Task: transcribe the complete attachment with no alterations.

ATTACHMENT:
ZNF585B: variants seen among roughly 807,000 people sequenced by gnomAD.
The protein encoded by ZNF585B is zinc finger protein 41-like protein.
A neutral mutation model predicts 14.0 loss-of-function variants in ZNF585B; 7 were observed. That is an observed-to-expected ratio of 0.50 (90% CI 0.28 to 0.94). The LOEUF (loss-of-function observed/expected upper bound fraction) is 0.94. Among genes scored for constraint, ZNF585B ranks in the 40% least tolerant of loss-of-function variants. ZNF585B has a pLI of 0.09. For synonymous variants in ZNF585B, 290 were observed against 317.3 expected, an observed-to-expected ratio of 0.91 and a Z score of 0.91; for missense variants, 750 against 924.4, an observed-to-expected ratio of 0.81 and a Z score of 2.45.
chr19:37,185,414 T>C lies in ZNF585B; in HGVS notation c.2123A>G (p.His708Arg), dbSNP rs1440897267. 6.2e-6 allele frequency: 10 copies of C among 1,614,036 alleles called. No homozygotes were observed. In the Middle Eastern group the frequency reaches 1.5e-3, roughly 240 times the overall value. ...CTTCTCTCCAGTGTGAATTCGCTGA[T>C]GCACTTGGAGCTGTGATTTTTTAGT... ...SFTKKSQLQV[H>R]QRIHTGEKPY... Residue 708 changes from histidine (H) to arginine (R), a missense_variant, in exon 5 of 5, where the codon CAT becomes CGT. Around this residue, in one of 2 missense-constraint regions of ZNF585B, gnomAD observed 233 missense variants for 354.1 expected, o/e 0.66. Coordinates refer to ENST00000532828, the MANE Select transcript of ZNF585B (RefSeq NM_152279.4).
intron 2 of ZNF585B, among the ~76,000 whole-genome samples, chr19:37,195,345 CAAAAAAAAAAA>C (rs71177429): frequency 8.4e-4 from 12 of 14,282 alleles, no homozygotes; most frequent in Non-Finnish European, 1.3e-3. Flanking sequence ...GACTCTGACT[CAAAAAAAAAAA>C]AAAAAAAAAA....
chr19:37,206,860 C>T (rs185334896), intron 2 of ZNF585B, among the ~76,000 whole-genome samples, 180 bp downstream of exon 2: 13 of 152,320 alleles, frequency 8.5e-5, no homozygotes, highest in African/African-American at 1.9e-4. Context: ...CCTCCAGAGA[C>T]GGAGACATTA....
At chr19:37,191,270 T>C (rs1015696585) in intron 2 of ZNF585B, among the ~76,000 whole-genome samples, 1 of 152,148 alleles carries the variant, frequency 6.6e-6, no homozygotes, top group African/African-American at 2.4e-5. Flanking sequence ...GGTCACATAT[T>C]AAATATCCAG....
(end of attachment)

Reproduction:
ZNF585B: variants seen among roughly 807,000 people sequenced by gnomAD.
The protein encoded by ZNF585B is zinc finger protein 41-like protein.
A neutral mutation model predicts 14.0 loss-of-function variants in ZNF585B; 7 were observed. That is an observed-to-expected ratio of 0.50 (90% CI 0.28 to 0.94). The LOEUF (loss-of-function observed/expected upper bound fraction) is 0.94. Among genes scored for constraint, ZNF585B ranks in the 40% least tolerant of loss-of-function variants. ZNF585B has a pLI of 0.09. For synonymous variants in ZNF585B, 290 were observed against 317.3 expected, an observed-to-expected ratio of 0.91 and a Z score of 0.91; for missense variants, 750 against 924.4, an observed-to-expected ratio of 0.81 and a Z score of 2.45.
chr19:37,185,414 T>C lies in ZNF585B; in HGVS notation c.2123A>G (p.His708Arg), dbSNP rs1440897267. 6.2e-6 allele frequency: 10 copies of C among 1,614,036 alleles called. No homozygotes were observed. In the Middle Eastern group the frequency reaches 1.5e-3, roughly 240 times the overall value. ...CTTCTCTCCAGTGTGAATTCGCTGA[T>C]GCACTTGGAGCTGTGATTTTTTAGT... ...SFTKKSQLQV[H>R]QRIHTGEKPY... Residue 708 changes from histidine (H) to arginine (R), a missense_variant, in exon 5 of 5, where the codon CAT becomes CGT. Around this residue, in one of 2 missense-constraint regions of ZNF585B, gnomAD observed 233 missense variants for 354.1 expected, o/e 0.66. Coordinates refer to ENST00000532828, the MANE Select transcript of ZNF585B (RefSeq NM_152279.4).
intron 2 of ZNF585B, among the ~76,000 whole-genome samples, chr19:37,195,345 CAAAAAAAAAAA>C (rs71177429): frequency 8.4e-4 from 12 of 14,282 alleles, no homozygotes; most frequent in Non-Finnish European, 1.3e-3. Flanking sequence ...GACTCTGACT[CAAAAAAAAAAA>C]AAAAAAAAAA....
chr19:37,206,860 C>T (rs185334896), intron 2 of ZNF585B, among the ~76,000 whole-genome samples, 180 bp downstream of exon 2: 13 of 152,320 alleles, frequency 8.5e-5, no homozygotes, highest in African/African-American at 1.9e-4. Context: ...CCTCCAGAGA[C>T]GGAGACATTA....
At chr19:37,191,270 T>C (rs1015696585) in intron 2 of ZNF585B, among the ~76,000 whole-genome samples, 1 of 152,148 alleles carries the variant, frequency 6.6e-6, no homozygotes, top group African/African-American at 2.4e-5. Flanking sequence ...GGTCACATAT[T>C]AAATATCCAG....